20+ great things about Tesla that have nothing to do with the environment


People love Tesla. Funny car reviews, 26 thousand words on How Tesla Will Change The World, and even a cartoon strip about a “magical space car” do a great job at highlighting why.

I’m going to attempt to condense many of these these reasons into a concise list:

Safety: Strong chassis. Low center of gravity. No engine in the front = more compression room = the engine won’t crush you. This could easily be an entire article on its own. Matthew Inneman covers it about halfway down in his comic.

Efficiency: Idling never happens. You never spend money just to keep the engine on while you’re sitting still.

Efficiency: Regenerative brakes mean your car doesn’t lose all of its energy when it slows down. City mileage is much closer to highway mileage.

Wireless charging. The kind that doesn’t require you to do anything except park your car and go about your business. This will never happen with a fuel source like gas or hydrogen. In addition to the apparent benefit of never plugging in, this means vehicles can run all day, charging as they drive. That specific implementation has been around since 2013, and WiTricity was first demonstrated at TED in 2009.

Go months without ever going to a station. Sure, you’d need 30 minutes at a supercharger to keep going on a road trip. But think about the time you’d wait on roadtrips and subtract ( ≥4 min refilling + x min travel to & from station) x fillups per month x 12. Or pay roughly the cost of a tank of gas for a 90-second battery swap. This benefit multiplies for companies, police departments, and any organization that has a fleet of cars.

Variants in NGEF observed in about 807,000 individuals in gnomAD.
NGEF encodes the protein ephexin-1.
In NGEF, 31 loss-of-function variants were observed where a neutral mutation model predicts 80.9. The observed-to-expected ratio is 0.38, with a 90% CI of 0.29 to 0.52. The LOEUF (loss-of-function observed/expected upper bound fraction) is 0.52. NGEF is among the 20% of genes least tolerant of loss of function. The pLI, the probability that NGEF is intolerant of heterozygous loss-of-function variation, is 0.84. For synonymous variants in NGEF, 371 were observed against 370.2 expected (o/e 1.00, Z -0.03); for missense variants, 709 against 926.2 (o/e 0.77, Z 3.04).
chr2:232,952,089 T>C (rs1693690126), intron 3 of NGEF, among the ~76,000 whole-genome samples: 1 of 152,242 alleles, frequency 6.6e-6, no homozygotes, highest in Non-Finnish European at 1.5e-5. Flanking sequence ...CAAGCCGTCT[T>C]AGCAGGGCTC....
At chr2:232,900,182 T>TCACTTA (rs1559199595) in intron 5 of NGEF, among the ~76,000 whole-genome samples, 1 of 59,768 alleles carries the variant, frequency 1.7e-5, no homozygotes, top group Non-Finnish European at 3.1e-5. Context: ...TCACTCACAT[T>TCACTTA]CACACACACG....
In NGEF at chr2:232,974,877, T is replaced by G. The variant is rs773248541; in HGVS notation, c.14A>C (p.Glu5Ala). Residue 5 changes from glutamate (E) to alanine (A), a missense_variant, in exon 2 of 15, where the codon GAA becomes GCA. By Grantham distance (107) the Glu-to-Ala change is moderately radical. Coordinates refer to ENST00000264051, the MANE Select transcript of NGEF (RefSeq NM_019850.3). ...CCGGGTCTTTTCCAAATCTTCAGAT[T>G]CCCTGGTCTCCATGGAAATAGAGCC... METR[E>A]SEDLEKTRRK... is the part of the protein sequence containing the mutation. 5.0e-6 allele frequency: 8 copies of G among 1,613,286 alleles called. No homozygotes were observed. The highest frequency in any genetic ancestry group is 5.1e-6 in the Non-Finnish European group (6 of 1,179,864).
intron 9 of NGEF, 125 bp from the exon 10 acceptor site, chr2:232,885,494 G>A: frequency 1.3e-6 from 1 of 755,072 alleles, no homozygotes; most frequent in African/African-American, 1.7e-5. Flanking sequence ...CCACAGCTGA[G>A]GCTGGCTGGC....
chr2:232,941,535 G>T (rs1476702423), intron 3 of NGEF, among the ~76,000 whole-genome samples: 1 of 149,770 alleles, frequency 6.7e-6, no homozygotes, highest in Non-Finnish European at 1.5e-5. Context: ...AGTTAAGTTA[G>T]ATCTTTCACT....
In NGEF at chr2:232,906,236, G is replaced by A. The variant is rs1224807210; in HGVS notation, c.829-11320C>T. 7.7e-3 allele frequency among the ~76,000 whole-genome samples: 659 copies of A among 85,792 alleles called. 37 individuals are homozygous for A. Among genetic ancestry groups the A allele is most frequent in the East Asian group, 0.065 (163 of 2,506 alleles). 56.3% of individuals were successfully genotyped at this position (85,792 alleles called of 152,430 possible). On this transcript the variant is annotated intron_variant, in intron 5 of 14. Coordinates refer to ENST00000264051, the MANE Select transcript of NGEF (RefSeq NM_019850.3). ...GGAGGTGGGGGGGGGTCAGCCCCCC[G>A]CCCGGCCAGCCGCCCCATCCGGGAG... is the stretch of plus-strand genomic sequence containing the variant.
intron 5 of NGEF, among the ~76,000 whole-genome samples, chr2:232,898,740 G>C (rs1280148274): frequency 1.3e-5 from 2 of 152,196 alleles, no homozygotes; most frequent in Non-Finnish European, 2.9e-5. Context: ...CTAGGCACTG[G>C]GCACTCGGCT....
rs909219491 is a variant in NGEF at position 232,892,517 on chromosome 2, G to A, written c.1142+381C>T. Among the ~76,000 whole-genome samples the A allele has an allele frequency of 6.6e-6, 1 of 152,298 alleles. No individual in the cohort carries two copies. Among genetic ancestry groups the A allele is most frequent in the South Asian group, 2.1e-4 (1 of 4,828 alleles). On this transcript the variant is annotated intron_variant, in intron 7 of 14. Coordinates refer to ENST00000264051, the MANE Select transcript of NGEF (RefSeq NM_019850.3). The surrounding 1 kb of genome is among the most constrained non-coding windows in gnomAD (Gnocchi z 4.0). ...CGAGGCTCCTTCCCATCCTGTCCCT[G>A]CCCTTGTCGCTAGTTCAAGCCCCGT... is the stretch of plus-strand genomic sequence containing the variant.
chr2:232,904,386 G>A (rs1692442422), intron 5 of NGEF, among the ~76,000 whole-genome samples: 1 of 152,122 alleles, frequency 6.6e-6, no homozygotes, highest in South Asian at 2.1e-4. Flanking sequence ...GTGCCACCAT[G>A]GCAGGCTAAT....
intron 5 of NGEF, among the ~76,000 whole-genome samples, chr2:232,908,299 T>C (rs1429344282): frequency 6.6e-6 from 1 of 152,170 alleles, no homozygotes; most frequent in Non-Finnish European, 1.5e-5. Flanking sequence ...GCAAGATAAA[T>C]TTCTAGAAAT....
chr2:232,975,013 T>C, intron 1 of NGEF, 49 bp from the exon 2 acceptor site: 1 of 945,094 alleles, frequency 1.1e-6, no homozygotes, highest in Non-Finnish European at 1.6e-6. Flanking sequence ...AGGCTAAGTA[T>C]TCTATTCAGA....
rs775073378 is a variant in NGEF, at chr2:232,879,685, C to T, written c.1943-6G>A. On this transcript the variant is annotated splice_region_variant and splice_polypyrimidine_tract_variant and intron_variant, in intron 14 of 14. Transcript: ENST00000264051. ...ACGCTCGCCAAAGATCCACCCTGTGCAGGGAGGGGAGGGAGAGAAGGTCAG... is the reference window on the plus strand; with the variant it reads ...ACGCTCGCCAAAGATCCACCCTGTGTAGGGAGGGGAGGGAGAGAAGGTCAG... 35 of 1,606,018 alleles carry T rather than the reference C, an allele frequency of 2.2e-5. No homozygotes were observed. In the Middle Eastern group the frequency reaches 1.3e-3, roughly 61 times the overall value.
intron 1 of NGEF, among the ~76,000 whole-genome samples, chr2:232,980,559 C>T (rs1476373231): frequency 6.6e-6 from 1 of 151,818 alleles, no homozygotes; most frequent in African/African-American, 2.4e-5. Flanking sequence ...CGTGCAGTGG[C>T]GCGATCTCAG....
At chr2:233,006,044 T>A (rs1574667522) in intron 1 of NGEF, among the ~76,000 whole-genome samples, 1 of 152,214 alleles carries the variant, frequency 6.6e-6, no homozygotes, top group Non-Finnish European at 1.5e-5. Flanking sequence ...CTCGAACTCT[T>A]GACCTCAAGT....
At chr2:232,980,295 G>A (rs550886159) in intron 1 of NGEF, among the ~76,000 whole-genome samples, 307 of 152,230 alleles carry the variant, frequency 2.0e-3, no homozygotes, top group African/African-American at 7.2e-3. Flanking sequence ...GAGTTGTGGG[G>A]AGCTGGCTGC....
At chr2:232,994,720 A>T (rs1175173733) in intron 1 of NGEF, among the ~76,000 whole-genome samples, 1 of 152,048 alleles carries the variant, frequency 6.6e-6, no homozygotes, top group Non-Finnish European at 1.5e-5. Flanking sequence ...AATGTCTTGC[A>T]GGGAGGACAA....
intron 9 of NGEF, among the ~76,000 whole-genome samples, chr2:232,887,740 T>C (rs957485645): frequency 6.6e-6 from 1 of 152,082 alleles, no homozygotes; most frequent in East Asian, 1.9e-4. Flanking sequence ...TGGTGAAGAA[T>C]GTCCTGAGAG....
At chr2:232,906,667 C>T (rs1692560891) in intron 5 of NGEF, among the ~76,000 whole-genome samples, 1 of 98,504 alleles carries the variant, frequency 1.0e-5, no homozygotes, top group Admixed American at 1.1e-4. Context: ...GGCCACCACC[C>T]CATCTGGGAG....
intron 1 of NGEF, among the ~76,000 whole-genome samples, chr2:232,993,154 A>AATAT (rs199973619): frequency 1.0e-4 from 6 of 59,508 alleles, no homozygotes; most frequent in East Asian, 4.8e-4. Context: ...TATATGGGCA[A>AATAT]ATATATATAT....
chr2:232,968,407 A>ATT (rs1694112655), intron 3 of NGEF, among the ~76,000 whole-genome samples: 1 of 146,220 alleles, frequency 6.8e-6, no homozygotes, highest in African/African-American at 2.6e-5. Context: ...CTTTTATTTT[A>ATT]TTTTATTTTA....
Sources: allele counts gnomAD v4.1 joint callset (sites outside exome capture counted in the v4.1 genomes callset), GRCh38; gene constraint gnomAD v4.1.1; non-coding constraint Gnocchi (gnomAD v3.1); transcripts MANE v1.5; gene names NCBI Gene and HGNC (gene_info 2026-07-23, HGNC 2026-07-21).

The average person will never have their own gas station, but they can definitely recharge at home and perhaps even generate and store their own electricity. And who knows, maybe cars will even charge themselves eventually.

A 250-mile range doesn’t matter 99% of the year (360/365 days). On top of that, the range may double to 500 miles soon. (Other EV’s currently have a much smaller range of about 80 miles).

Free refills! Tesla has a network of superchargers that cost $0 for Tesla owners to use. You could drive across the U.S. or Europe and back, spending $0 on recharging.

Recharging does not involve punching buttons on an old machine that could be used to steal your credit card number.

Software updates can improve performance & safety.

Modern interface. The controls for all of the extras (air conditioning, music, etc.) are on a 17" screen in the middle. Normally, you’d have a 6" or 7" screen on top of other controls, if that. And it’s not just about having a big screen. It’s an iPhone vs. Blackberry in 2007 kind of thing.

Less stress, more enjoyable travel. The car can drive itself. I think I’d take a 9-hour trip in a self-driving car over 8 hours in anything else.

Self-driving » reduced traffic » faster & safer travel, and possibly less need for road expansion thanks to improved traffic flow.

Self-parking. Convenient, but there are other long-term benefits. If cars could park themselves, parking structures could be a less prominent part of city design (or even home design). Less parking lots could even lead to minor differences in temperature.